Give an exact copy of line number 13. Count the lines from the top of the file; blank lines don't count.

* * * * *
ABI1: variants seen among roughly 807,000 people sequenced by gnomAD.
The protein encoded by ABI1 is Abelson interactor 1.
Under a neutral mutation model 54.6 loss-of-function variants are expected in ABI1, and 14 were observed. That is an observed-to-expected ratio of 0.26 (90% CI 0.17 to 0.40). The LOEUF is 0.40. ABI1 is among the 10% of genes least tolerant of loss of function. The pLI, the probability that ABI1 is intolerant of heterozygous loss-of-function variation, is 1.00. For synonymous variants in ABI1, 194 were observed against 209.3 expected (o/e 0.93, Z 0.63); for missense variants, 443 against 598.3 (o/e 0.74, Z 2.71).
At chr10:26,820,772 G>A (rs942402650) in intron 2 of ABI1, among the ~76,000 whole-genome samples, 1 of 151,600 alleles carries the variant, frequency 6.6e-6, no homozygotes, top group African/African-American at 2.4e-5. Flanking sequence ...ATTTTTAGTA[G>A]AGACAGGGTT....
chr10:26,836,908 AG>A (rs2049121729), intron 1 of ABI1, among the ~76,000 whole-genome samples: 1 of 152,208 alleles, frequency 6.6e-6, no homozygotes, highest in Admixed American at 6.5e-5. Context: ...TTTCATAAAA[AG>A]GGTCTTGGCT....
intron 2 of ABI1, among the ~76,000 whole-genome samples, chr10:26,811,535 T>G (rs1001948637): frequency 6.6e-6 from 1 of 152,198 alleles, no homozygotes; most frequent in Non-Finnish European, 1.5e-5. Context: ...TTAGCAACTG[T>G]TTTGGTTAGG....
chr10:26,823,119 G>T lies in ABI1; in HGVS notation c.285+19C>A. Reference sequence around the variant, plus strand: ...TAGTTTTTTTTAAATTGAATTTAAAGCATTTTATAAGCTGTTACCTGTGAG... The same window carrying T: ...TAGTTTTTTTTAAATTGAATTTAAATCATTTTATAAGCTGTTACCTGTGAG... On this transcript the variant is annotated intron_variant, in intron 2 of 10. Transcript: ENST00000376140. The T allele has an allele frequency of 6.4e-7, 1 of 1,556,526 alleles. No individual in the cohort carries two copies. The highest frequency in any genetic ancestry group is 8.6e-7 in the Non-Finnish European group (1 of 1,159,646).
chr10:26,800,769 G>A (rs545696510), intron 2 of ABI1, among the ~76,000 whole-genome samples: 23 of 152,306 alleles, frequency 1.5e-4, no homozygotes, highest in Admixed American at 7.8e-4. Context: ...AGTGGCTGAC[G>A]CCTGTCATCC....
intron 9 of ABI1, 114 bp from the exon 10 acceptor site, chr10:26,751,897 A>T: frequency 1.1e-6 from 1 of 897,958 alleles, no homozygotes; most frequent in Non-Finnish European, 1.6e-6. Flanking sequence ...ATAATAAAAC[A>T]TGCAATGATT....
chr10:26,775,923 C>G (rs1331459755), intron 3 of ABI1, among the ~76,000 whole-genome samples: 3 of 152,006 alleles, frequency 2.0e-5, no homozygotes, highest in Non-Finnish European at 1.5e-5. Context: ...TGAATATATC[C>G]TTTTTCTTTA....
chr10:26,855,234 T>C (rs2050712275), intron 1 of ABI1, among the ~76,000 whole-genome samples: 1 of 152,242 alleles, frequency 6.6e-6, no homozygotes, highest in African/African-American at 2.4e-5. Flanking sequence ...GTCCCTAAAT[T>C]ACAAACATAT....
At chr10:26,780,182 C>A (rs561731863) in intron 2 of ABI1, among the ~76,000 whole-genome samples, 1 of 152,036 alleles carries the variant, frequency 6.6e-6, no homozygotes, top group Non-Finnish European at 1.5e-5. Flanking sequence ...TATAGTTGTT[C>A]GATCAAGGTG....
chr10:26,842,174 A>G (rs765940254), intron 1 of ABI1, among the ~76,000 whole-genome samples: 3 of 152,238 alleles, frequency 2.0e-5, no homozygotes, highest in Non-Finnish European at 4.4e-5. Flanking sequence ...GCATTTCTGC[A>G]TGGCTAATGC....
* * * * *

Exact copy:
chr10:26,842,174 A>G (rs765940254), intron 1 of ABI1, among the ~76,000 whole-genome samples: 3 of 152,238 alleles, frequency 2.0e-5, no homozygotes, highest in Non-Finnish European at 4.4e-5. Flanking sequence ...GCATTTCTGC[A>G]TGGCTAATGC....